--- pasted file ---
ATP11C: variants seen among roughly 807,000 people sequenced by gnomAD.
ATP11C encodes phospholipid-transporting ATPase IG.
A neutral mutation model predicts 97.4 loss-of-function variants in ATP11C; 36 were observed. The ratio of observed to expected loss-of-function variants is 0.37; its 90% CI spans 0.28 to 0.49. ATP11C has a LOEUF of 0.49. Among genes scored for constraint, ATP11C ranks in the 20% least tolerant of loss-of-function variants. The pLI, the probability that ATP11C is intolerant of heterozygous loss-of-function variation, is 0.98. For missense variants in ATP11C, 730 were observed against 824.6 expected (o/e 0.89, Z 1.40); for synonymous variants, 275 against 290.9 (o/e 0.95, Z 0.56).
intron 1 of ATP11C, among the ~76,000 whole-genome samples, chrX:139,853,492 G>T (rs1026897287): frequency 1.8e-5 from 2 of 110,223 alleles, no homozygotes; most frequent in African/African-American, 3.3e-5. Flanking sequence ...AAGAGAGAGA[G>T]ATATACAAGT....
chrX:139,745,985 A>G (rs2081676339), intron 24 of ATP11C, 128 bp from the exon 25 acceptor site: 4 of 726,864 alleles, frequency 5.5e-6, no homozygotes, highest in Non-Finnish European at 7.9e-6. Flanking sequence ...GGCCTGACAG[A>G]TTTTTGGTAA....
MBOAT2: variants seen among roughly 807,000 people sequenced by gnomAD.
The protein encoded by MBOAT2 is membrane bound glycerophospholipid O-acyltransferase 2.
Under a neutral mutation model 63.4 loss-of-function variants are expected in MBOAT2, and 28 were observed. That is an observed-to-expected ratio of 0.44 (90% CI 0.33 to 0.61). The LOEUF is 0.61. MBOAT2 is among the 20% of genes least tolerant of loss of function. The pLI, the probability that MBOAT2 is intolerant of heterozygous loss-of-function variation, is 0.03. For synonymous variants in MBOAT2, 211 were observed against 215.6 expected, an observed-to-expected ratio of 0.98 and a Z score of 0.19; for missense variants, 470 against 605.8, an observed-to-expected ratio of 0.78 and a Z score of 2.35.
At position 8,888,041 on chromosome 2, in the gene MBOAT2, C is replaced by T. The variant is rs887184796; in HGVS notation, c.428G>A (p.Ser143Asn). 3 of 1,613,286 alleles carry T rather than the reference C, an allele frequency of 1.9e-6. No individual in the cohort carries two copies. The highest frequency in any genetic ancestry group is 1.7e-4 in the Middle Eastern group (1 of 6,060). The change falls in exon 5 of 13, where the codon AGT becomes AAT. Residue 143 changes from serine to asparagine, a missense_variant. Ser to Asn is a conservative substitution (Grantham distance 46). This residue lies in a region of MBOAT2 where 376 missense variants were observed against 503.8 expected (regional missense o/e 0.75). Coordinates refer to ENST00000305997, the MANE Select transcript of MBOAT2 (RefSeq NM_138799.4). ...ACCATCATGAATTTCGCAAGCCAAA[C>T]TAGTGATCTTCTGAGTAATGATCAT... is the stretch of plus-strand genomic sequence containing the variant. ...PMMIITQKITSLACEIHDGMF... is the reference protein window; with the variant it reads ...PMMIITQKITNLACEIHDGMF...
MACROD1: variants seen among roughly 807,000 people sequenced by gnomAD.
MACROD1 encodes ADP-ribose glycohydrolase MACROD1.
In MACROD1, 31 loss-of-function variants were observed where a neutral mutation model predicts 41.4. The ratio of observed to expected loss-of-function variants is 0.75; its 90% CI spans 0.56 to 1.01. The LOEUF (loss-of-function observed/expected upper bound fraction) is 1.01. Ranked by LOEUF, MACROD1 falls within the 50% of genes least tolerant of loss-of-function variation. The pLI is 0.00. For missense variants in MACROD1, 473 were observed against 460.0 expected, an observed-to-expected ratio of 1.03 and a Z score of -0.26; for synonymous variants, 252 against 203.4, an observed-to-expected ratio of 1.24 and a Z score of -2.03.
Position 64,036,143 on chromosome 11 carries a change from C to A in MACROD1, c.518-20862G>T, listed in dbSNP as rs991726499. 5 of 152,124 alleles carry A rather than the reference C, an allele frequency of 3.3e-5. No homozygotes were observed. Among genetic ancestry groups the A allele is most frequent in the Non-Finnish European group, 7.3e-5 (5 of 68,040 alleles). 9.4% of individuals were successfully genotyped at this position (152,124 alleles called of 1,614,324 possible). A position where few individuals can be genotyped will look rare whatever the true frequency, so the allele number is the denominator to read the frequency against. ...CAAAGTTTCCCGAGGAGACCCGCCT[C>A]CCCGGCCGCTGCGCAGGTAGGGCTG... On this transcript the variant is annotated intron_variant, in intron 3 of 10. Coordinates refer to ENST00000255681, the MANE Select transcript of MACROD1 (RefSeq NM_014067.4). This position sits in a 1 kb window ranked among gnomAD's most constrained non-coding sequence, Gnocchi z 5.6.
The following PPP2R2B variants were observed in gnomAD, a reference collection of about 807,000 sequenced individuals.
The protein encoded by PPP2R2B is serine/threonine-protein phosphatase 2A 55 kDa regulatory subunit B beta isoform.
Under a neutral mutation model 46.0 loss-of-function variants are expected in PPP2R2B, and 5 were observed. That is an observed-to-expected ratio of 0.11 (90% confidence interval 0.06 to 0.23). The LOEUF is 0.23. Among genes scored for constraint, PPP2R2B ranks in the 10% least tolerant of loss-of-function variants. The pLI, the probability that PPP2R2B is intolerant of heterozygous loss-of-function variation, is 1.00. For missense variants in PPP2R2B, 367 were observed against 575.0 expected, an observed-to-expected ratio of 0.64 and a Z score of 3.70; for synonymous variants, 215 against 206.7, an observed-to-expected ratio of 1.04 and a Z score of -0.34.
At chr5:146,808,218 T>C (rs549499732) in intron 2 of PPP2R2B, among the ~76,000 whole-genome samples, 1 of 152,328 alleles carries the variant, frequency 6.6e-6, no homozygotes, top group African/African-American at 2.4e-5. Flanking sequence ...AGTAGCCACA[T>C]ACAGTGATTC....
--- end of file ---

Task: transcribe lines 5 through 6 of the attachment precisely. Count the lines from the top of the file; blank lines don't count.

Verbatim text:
chrX:139,745,985 A>G (rs2081676339), intron 24 of ATP11C, 128 bp from the exon 25 acceptor site: 4 of 726,864 alleles, frequency 5.5e-6, no homozygotes, highest in Non-Finnish European at 7.9e-6. Flanking sequence ...GGCCTGACAG[A>G]TTTTTGGTAA....
MBOAT2: variants seen among roughly 807,000 people sequenced by gnomAD.